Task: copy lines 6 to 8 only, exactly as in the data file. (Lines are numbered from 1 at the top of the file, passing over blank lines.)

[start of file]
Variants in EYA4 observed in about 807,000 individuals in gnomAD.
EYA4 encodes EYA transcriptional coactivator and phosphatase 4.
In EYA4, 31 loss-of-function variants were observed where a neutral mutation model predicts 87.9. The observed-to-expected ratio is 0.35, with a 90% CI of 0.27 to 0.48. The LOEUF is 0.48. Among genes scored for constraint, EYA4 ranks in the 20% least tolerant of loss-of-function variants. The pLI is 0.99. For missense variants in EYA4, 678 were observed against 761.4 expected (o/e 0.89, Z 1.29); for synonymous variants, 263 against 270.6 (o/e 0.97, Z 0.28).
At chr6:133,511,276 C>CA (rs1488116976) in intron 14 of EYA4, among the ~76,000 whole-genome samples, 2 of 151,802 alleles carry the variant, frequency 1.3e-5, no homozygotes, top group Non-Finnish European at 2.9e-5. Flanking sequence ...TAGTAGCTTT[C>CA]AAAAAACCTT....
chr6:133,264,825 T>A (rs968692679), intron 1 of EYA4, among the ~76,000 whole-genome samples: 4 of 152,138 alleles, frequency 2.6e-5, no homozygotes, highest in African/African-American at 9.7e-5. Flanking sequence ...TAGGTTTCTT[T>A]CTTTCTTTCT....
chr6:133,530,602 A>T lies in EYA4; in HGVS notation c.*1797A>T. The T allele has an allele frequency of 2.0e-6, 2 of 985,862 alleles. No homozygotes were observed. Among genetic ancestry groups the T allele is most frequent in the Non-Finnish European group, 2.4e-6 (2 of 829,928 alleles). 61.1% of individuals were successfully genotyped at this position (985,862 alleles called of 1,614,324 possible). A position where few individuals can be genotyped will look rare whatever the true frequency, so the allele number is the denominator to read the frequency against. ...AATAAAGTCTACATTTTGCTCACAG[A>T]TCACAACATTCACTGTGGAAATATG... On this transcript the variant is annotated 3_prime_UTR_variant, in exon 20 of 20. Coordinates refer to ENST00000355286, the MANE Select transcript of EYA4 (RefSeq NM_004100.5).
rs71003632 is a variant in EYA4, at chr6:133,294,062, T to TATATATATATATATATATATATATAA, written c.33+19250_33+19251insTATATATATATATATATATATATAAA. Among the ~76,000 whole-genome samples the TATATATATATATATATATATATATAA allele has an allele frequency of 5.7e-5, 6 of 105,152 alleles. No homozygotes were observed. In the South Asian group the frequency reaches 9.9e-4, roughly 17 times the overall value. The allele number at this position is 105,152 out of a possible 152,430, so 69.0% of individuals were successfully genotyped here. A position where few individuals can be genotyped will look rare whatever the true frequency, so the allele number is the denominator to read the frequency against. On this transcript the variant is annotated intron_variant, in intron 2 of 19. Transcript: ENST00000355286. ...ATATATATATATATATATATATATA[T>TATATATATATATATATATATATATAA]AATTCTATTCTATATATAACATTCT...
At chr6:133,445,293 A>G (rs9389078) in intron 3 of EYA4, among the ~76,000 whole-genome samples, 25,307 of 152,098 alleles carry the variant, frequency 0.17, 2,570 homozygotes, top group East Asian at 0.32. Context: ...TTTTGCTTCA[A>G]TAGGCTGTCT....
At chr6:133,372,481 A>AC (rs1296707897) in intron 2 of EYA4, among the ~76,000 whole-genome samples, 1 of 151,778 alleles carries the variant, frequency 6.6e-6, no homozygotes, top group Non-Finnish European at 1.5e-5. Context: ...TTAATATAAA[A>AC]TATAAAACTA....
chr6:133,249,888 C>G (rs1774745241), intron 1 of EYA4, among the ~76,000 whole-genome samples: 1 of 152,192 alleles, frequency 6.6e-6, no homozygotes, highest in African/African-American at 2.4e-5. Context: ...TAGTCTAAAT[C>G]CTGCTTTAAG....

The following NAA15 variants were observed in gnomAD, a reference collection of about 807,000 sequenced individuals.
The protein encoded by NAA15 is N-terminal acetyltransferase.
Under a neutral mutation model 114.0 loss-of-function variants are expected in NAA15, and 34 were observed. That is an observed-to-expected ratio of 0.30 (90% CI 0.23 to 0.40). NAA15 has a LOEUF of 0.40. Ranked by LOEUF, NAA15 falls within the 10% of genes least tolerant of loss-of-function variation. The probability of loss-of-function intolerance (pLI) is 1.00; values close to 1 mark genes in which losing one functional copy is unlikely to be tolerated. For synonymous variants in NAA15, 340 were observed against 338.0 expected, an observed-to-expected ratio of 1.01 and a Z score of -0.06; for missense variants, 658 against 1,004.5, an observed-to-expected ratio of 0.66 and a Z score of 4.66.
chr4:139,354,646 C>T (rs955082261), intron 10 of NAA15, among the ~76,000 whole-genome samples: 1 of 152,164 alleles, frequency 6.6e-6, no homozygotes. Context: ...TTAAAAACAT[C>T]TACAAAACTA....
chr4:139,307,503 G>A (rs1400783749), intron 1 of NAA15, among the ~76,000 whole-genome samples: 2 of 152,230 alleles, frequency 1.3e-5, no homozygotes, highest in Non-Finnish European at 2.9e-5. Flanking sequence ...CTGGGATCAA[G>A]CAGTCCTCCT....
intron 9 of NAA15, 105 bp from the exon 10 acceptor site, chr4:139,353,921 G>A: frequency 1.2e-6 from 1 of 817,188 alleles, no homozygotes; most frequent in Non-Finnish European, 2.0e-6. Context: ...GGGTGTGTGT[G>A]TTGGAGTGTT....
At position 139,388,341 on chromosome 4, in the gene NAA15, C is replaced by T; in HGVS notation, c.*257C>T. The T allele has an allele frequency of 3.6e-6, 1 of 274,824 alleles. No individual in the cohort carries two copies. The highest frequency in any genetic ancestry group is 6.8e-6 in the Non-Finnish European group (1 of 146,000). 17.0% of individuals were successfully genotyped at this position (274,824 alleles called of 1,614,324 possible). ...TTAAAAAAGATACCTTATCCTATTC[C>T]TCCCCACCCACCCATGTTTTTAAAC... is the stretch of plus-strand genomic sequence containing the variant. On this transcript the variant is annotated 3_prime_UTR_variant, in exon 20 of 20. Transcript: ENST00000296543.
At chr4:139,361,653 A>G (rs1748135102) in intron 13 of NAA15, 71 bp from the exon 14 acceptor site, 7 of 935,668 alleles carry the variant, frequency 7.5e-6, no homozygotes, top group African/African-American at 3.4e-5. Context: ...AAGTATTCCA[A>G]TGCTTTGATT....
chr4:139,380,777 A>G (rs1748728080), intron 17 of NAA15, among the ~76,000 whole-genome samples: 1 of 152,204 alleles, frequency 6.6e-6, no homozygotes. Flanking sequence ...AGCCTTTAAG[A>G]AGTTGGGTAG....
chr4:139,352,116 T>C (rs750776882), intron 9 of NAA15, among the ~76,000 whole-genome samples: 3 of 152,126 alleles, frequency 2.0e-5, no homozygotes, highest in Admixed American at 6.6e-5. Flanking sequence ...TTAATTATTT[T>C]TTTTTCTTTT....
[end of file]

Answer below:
chr6:133,530,602 A>T lies in EYA4; in HGVS notation c.*1797A>T. The T allele has an allele frequency of 2.0e-6, 2 of 985,862 alleles. No homozygotes were observed. Among genetic ancestry groups the T allele is most frequent in the Non-Finnish European group, 2.4e-6 (2 of 829,928 alleles). 61.1% of individuals were successfully genotyped at this position (985,862 alleles called of 1,614,324 possible). A position where few individuals can be genotyped will look rare whatever the true frequency, so the allele number is the denominator to read the frequency against. ...AATAAAGTCTACATTTTGCTCACAG[A>T]TCACAACATTCACTGTGGAAATATG... On this transcript the variant is annotated 3_prime_UTR_variant, in exon 20 of 20. Coordinates refer to ENST00000355286, the MANE Select transcript of EYA4 (RefSeq NM_004100.5).
rs71003632 is a variant in EYA4, at chr6:133,294,062, T to TATATATATATATATATATATATATAA, written c.33+19250_33+19251insTATATATATATATATATATATATAAA. Among the ~76,000 whole-genome samples the TATATATATATATATATATATATATAA allele has an allele frequency of 5.7e-5, 6 of 105,152 alleles. No homozygotes were observed. In the South Asian group the frequency reaches 9.9e-4, roughly 17 times the overall value. The allele number at this position is 105,152 out of a possible 152,430, so 69.0% of individuals were successfully genotyped here. A position where few individuals can be genotyped will look rare whatever the true frequency, so the allele number is the denominator to read the frequency against. On this transcript the variant is annotated intron_variant, in intron 2 of 19. Transcript: ENST00000355286. ...ATATATATATATATATATATATATA[T>TATATATATATATATATATATATATAA]AATTCTATTCTATATATAACATTCT...
At chr6:133,445,293 A>G (rs9389078) in intron 3 of EYA4, among the ~76,000 whole-genome samples, 25,307 of 152,098 alleles carry the variant, frequency 0.17, 2,570 homozygotes, top group East Asian at 0.32. Context: ...TTTTGCTTCA[A>G]TAGGCTGTCT....